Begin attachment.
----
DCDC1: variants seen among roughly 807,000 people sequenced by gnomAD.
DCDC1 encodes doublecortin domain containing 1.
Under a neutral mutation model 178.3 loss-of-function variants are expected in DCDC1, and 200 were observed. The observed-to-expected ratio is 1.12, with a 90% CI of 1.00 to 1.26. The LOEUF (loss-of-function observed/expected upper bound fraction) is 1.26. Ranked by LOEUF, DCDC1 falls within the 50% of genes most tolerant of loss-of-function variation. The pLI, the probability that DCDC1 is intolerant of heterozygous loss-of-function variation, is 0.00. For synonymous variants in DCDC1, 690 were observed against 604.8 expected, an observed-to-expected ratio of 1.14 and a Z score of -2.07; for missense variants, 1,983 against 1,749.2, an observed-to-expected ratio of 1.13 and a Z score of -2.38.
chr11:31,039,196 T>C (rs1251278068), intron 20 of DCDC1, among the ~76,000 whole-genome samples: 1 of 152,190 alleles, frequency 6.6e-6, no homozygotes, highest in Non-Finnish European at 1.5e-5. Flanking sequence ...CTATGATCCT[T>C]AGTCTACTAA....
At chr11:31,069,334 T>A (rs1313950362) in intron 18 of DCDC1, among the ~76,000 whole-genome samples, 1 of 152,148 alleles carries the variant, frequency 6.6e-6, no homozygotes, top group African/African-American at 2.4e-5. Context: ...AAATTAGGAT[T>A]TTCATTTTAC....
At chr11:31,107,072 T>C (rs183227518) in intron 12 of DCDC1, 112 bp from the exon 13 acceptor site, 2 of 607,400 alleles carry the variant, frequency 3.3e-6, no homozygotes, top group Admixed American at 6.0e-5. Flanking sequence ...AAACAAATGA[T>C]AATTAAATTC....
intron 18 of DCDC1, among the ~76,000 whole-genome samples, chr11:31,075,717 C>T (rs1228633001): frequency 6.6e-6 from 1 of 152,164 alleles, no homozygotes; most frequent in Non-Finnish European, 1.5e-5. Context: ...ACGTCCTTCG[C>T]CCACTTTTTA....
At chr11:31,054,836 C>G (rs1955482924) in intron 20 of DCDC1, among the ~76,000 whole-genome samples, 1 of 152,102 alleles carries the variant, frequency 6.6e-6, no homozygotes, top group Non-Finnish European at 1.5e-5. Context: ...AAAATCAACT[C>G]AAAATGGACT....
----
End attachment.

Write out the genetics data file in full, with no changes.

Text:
DCDC1: variants seen among roughly 807,000 people sequenced by gnomAD.
DCDC1 encodes doublecortin domain containing 1.
Under a neutral mutation model 178.3 loss-of-function variants are expected in DCDC1, and 200 were observed. The observed-to-expected ratio is 1.12, with a 90% CI of 1.00 to 1.26. The LOEUF (loss-of-function observed/expected upper bound fraction) is 1.26. Ranked by LOEUF, DCDC1 falls within the 50% of genes most tolerant of loss-of-function variation. The pLI, the probability that DCDC1 is intolerant of heterozygous loss-of-function variation, is 0.00. For synonymous variants in DCDC1, 690 were observed against 604.8 expected, an observed-to-expected ratio of 1.14 and a Z score of -2.07; for missense variants, 1,983 against 1,749.2, an observed-to-expected ratio of 1.13 and a Z score of -2.38.
chr11:31,039,196 T>C (rs1251278068), intron 20 of DCDC1, among the ~76,000 whole-genome samples: 1 of 152,190 alleles, frequency 6.6e-6, no homozygotes, highest in Non-Finnish European at 1.5e-5. Flanking sequence ...CTATGATCCT[T>C]AGTCTACTAA....
At chr11:31,069,334 T>A (rs1313950362) in intron 18 of DCDC1, among the ~76,000 whole-genome samples, 1 of 152,148 alleles carries the variant, frequency 6.6e-6, no homozygotes, top group African/African-American at 2.4e-5. Context: ...AAATTAGGAT[T>A]TTCATTTTAC....
At chr11:31,107,072 T>C (rs183227518) in intron 12 of DCDC1, 112 bp from the exon 13 acceptor site, 2 of 607,400 alleles carry the variant, frequency 3.3e-6, no homozygotes, top group Admixed American at 6.0e-5. Flanking sequence ...AAACAAATGA[T>C]AATTAAATTC....
intron 18 of DCDC1, among the ~76,000 whole-genome samples, chr11:31,075,717 C>T (rs1228633001): frequency 6.6e-6 from 1 of 152,164 alleles, no homozygotes; most frequent in Non-Finnish European, 1.5e-5. Context: ...ACGTCCTTCG[C>T]CCACTTTTTA....
At chr11:31,054,836 C>G (rs1955482924) in intron 20 of DCDC1, among the ~76,000 whole-genome samples, 1 of 152,102 alleles carries the variant, frequency 6.6e-6, no homozygotes, top group Non-Finnish European at 1.5e-5. Context: ...AAAATCAACT[C>G]AAAATGGACT....